"No, I see myself as a playmaker," he said when asked if he considered himself a mentor. "When I step on the field, I want to be the best, regardless of who it is. When Peanut was here, I was able to see what he did that was best because he was the best at it. So I took some of his skills and trainings and put it into my repertoire. My belt, the Bat-belt. We did that, and we took the ball away.
"Now it's just the ability to, no matter if it's in the ground or the air, I feel like it's mine. So it's just bringing that mentality of the game into the locker room. No matter what happens, that ball is live."
With a young secondary stinging from the loss of Horn (who will have surgery on Tuesday and whose status moving forward is unclear), Norman could at least add an element of confidence.
Wilks knows that and values it, saying when he discussed the move with general manager Scott Fitterer, it became clear to him that Norman still had something to offer.
"When Scott and I talked about it today, he has experience in this league, brings veteran leadership. And most importantly, I feel like he possesses our DNA," Wilks said. "I know him personally; he played for me.
"He understands the culture that we've tried to create here and the element of play that we're looking for."
There's still a physical hurdle to clear. Norman has been working out, but that's not the same as football, and he hasn't been in a camp or practicing since last year with the 49ers. And he's still 35, and that matters.
But he said Monday that he wants to "get in the mix" in practice and see what happens.
And if something grows, he's glad to get a chance to harvest something here. He never thought he'd get the chance when the franchise tag was removed in the 2016 offseason and he left for Washington as a free agent. But Monday, he was back.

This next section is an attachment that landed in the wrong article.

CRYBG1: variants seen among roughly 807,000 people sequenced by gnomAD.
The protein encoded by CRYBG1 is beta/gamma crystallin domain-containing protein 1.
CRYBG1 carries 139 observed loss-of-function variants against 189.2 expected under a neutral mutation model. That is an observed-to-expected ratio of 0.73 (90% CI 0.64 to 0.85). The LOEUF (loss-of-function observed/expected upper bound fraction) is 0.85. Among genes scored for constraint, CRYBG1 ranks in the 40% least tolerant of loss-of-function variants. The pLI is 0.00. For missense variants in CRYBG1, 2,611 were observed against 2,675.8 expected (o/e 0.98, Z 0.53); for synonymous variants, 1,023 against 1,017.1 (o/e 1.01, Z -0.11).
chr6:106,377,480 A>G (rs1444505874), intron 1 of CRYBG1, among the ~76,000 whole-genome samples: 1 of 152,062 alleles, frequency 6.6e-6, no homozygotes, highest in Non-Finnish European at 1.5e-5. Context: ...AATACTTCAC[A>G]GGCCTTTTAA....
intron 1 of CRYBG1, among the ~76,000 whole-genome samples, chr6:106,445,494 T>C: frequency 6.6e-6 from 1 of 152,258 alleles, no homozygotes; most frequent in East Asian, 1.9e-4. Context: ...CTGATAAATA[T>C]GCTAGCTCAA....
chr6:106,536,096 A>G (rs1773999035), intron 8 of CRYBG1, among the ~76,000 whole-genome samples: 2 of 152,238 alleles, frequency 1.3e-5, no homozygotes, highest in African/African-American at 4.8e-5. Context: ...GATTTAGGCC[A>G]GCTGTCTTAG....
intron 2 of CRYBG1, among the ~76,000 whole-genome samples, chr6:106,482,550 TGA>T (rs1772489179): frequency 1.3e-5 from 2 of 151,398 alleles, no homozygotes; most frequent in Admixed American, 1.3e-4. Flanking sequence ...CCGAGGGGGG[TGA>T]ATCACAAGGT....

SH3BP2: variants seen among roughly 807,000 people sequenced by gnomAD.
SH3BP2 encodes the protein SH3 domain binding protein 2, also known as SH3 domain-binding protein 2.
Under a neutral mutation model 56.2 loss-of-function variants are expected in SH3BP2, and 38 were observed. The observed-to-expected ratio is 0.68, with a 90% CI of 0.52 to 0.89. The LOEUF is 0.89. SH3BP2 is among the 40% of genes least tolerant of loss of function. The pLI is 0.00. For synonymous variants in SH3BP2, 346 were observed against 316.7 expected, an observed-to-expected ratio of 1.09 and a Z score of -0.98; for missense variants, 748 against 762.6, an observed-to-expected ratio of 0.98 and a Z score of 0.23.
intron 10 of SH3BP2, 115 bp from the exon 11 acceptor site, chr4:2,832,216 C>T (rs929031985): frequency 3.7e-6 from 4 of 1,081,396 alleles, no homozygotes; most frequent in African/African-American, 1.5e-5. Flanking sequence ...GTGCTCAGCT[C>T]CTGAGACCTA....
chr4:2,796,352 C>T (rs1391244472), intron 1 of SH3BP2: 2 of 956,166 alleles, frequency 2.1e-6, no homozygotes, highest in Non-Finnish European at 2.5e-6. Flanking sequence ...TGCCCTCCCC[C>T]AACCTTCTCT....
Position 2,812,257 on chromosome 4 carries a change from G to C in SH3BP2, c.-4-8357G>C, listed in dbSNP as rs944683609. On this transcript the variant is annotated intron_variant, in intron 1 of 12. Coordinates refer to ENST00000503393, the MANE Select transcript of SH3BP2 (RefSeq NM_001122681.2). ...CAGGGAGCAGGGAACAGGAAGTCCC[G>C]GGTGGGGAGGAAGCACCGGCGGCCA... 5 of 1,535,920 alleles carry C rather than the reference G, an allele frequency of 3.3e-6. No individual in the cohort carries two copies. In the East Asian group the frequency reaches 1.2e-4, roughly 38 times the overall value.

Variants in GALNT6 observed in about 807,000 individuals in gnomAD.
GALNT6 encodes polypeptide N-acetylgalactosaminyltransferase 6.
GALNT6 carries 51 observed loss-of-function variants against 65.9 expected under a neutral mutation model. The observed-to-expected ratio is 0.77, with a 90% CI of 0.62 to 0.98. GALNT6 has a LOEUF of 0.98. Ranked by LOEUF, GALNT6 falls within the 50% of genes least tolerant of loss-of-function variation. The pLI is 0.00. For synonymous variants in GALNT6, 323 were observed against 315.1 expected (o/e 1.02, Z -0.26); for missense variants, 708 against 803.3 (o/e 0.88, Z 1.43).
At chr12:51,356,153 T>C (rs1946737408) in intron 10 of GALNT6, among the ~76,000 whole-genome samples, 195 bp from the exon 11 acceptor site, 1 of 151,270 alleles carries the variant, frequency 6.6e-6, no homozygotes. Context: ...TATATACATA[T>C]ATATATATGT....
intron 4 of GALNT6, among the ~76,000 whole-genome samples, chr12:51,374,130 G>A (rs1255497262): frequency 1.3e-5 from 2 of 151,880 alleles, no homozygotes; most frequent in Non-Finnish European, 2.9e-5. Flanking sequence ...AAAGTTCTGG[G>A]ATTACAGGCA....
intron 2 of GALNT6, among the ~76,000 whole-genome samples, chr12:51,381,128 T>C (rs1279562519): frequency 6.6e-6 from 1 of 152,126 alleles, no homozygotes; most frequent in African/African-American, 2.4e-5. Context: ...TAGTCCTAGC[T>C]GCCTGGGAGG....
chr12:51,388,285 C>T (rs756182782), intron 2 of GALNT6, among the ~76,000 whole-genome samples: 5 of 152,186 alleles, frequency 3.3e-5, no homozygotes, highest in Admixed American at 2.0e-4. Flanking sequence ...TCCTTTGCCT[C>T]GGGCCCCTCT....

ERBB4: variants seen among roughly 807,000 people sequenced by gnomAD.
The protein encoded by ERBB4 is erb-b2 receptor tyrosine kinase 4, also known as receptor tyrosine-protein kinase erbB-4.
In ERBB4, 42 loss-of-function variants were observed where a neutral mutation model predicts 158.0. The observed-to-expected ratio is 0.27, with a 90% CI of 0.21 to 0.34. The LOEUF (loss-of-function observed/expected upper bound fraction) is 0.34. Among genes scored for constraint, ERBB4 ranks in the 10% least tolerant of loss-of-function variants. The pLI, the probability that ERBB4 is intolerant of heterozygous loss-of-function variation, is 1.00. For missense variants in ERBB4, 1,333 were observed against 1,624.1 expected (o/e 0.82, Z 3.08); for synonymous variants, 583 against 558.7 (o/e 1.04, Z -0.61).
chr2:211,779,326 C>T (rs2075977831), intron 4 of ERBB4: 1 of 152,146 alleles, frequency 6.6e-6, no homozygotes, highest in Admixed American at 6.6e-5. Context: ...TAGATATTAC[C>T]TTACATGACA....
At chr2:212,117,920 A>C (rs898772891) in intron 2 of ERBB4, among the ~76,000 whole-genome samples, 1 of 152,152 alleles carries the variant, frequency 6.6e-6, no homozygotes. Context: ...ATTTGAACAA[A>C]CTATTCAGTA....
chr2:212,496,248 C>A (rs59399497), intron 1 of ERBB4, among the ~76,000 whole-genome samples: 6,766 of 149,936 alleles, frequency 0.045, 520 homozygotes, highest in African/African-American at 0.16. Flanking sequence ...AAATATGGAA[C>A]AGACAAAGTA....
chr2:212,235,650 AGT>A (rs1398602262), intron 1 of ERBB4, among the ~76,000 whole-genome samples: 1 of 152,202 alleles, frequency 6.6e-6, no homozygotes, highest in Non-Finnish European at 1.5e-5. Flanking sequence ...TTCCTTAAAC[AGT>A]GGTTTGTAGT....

"To be honest, that's why I say God's got the wheel; I'm just a passenger," Norman said. "I tell you right now; I didn't know if I'd ever come back in these doors since I walked out of here in 2016. I never thought I'd step back in there. But you make plans and God laughs at them. I didn't think there was a chance. I went to other teams, and we did really well. I didn't think this was a thing we could do. But something inside me was pulling, gravitating toward Carolina.
"Other teams and I might have had conversations. It just never sounded as sweet as Carolina. And I think for me, it's overcoming a lot of obstacles. I always fought from the bottom. So I always guided from the bottom. And what can you do to bring people to the top? That's why I always thought, why would I want to be on a team that's already on top? That's never been a thing for me. That's easy. I want to do it the hard way. The strong way. That's where you really see who you are and match yourself up to be the best."
Josh Norman was originally drafted by Carolina in the fifth round in 2012. He played four seasons (2012-15) with the Panthers, earning All-Pro honors during the team's Super Bowl run in 2015. Norman then played for Washington (2016-19), Buffalo (2020) and San Francisco (2021).